3) The German attack on the USSR in WW2 - This is a biggie. If Hitler hadn't taken on Russia he would have had a reasonable chance of consolidating his Blitzkrieg conquests in Europe. Stalin was so anxious to avoid war that he refused to alert his border troops as the ensuing invasion became more and more certain. The largest army ever to be assembled for an invasion swept across the border of Poland and the Baltic States causing massive damage to the Red Army. However within half a year the German advance was slowing and they found themselves at war on two fronts with both the USSR and the USA - the only remaining powers that could have saved Britain from defeat.

Friday, 9 September 2011

Drunk in charge of Moose

Haven't we all found ourselves in that situation occasionally?

Tuesday, 6 September 2011

Harrowing film of the week - 'The boy in the striped pyjamas'

Going into this film I was expecting not to like it. My logic behind this was that it received a 12a certificate in the UK. I didn't think that there was any way that you could cover the horrors of the Holocaust within the constraints of a program partially aimed at a pre-pubescent audience

It didn't take long for the film to disillusion me of this opinion. Stylistically it works. Nobody would have been stupid enough to carry out acts of horrendous violence against the prisoners in front of the Kommandant's eight-year-old son. Therefore, the more graphic atrocities are carried out behind closed doors. We get before and after portraits rather than viewing the event itself, as when an SS guard claims he is going to have a 'conversation' with Shmuel about stealing food and the next time we see the Jewish boy he has a badly bruised eye. Somehow this more subtle, child's-eye-view approach to the Holocaust bypassed my usual mental resistance to take in dramatic representations of horror and really got to me at points.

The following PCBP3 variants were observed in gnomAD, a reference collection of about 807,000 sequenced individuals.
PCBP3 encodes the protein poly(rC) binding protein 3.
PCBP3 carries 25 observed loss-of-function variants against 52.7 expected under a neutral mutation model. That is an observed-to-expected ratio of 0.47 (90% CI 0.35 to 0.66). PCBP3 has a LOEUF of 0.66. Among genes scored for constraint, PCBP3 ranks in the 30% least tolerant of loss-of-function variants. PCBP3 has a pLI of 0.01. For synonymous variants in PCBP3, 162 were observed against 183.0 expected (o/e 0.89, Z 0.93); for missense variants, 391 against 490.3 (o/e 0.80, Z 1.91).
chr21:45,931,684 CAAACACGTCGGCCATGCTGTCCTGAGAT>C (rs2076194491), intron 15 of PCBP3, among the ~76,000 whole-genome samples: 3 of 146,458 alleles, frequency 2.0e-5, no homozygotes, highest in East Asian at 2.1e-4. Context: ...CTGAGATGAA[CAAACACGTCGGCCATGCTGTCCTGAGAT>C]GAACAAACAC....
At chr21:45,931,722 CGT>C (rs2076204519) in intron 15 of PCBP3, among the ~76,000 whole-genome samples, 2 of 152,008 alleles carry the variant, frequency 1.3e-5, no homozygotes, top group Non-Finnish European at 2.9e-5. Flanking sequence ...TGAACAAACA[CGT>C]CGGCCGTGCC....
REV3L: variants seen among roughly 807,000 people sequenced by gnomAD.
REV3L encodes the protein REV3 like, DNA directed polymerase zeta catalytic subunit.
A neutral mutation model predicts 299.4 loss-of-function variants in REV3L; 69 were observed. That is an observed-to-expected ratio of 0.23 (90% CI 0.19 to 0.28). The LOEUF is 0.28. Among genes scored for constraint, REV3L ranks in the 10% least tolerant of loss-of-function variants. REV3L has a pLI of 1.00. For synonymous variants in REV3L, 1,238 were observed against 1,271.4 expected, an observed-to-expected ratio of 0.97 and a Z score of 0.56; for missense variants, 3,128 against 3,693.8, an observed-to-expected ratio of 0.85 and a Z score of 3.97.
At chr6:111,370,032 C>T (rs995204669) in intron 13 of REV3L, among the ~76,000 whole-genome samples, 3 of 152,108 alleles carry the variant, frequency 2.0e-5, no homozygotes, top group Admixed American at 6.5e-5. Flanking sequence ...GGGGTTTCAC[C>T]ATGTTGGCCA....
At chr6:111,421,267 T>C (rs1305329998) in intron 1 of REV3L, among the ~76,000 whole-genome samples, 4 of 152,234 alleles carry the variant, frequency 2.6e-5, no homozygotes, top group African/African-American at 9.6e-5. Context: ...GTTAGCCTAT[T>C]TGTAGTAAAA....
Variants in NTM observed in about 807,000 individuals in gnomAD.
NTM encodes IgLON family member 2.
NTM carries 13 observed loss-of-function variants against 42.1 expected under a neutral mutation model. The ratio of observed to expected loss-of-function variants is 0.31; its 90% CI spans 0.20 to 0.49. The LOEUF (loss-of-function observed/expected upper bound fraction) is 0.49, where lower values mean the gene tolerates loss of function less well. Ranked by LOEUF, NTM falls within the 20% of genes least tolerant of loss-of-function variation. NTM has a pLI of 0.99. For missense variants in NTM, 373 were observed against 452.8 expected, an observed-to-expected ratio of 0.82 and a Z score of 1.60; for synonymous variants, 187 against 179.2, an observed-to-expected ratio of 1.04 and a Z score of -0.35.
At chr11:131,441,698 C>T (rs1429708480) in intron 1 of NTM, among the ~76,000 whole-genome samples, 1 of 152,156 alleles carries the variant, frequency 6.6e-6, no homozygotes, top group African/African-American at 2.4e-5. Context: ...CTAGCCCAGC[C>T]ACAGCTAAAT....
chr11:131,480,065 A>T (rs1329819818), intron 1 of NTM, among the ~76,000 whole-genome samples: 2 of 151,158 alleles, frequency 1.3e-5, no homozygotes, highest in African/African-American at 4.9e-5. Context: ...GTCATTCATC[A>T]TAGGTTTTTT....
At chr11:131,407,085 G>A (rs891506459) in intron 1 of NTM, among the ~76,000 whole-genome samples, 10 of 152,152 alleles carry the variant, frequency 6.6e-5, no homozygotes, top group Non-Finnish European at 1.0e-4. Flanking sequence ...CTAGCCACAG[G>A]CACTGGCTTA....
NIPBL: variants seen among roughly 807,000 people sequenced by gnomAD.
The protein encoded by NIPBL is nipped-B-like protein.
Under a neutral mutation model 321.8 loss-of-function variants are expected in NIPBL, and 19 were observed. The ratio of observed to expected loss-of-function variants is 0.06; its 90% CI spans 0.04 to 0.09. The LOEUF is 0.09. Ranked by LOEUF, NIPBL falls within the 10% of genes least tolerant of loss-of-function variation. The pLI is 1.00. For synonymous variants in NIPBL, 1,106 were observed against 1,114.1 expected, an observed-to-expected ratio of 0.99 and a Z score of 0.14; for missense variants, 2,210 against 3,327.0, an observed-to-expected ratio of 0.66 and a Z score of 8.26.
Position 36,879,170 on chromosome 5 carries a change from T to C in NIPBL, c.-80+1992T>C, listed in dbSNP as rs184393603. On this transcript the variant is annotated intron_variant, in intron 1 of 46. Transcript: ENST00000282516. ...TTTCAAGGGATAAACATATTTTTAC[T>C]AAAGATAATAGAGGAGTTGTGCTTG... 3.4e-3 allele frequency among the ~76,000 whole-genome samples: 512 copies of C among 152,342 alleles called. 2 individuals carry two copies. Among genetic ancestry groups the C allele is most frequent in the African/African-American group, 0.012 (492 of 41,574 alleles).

The character acting is fantastic, although only the Kommandant really got the hang of the German accent and the others all sound very English or American. It is interesting to see how Gretel and Bruno adjust to life in such a warped environment; Gretel is charmed by the ideological surity and surface attractiveness of camp life while Bruno retains his innocence and lack of understanding throughout the film. The ending is a real wrench that I didn't see coming even as Bruno burrowed under the fence (the border guards seemed to be especially lax, by the way). By removing the barrier between him and Shmuel he repairs any residual damage to their friendship from the food stealing incident and shows that when not being cowed by a shouting guard he feels no base revulsion or hatred of the people in the camps. However, this same childish lack of understanding means he (and even the more street-wise Shmuel) cannot comprehend the danger he is getting himself into by breaking down the boundaries, enforced by the brutality of the state repression apparatus, between Jews and the Volksdeutsche.